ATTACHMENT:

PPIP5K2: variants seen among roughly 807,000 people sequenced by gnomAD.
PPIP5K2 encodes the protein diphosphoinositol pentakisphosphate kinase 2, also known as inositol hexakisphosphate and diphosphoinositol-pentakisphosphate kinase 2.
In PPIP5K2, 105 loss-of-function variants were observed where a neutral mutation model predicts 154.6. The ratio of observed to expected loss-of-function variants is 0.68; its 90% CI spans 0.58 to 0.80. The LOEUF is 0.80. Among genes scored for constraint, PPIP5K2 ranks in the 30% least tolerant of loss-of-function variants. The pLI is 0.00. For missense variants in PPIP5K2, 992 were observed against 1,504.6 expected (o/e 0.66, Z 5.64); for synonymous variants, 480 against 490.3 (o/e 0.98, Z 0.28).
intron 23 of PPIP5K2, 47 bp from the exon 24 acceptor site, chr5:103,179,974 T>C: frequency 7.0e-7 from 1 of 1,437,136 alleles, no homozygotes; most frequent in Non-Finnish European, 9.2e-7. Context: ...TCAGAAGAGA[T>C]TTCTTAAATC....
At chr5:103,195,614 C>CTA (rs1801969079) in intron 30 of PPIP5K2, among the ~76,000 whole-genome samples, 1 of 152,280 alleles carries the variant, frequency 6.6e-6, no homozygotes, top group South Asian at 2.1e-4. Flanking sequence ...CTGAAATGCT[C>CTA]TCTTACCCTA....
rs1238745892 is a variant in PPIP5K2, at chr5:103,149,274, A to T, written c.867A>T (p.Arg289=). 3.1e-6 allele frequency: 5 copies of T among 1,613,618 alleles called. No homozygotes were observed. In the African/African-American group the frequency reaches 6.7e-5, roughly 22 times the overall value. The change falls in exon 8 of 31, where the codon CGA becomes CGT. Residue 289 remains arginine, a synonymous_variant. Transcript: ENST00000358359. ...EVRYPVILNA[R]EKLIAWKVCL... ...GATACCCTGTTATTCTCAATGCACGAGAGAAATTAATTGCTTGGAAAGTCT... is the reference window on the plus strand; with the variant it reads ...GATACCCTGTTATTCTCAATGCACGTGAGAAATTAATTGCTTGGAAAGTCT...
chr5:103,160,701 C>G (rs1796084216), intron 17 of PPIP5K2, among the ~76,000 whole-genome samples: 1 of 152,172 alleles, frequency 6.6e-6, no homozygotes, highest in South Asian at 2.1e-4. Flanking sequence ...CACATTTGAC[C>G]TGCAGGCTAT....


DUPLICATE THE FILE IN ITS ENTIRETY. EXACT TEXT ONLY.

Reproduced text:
PPIP5K2: variants seen among roughly 807,000 people sequenced by gnomAD.
PPIP5K2 encodes the protein diphosphoinositol pentakisphosphate kinase 2, also known as inositol hexakisphosphate and diphosphoinositol-pentakisphosphate kinase 2.
In PPIP5K2, 105 loss-of-function variants were observed where a neutral mutation model predicts 154.6. The ratio of observed to expected loss-of-function variants is 0.68; its 90% CI spans 0.58 to 0.80. The LOEUF is 0.80. Among genes scored for constraint, PPIP5K2 ranks in the 30% least tolerant of loss-of-function variants. The pLI is 0.00. For missense variants in PPIP5K2, 992 were observed against 1,504.6 expected (o/e 0.66, Z 5.64); for synonymous variants, 480 against 490.3 (o/e 0.98, Z 0.28).
intron 23 of PPIP5K2, 47 bp from the exon 24 acceptor site, chr5:103,179,974 T>C: frequency 7.0e-7 from 1 of 1,437,136 alleles, no homozygotes; most frequent in Non-Finnish European, 9.2e-7. Context: ...TCAGAAGAGA[T>C]TTCTTAAATC....
At chr5:103,195,614 C>CTA (rs1801969079) in intron 30 of PPIP5K2, among the ~76,000 whole-genome samples, 1 of 152,280 alleles carries the variant, frequency 6.6e-6, no homozygotes, top group South Asian at 2.1e-4. Flanking sequence ...CTGAAATGCT[C>CTA]TCTTACCCTA....
rs1238745892 is a variant in PPIP5K2, at chr5:103,149,274, A to T, written c.867A>T (p.Arg289=). 3.1e-6 allele frequency: 5 copies of T among 1,613,618 alleles called. No homozygotes were observed. In the African/African-American group the frequency reaches 6.7e-5, roughly 22 times the overall value. The change falls in exon 8 of 31, where the codon CGA becomes CGT. Residue 289 remains arginine, a synonymous_variant. Transcript: ENST00000358359. ...EVRYPVILNA[R]EKLIAWKVCL... ...GATACCCTGTTATTCTCAATGCACGAGAGAAATTAATTGCTTGGAAAGTCT... is the reference window on the plus strand; with the variant it reads ...GATACCCTGTTATTCTCAATGCACGTGAGAAATTAATTGCTTGGAAAGTCT...
chr5:103,160,701 C>G (rs1796084216), intron 17 of PPIP5K2, among the ~76,000 whole-genome samples: 1 of 152,172 alleles, frequency 6.6e-6, no homozygotes, highest in South Asian at 2.1e-4. Flanking sequence ...CACATTTGAC[C>G]TGCAGGCTAT....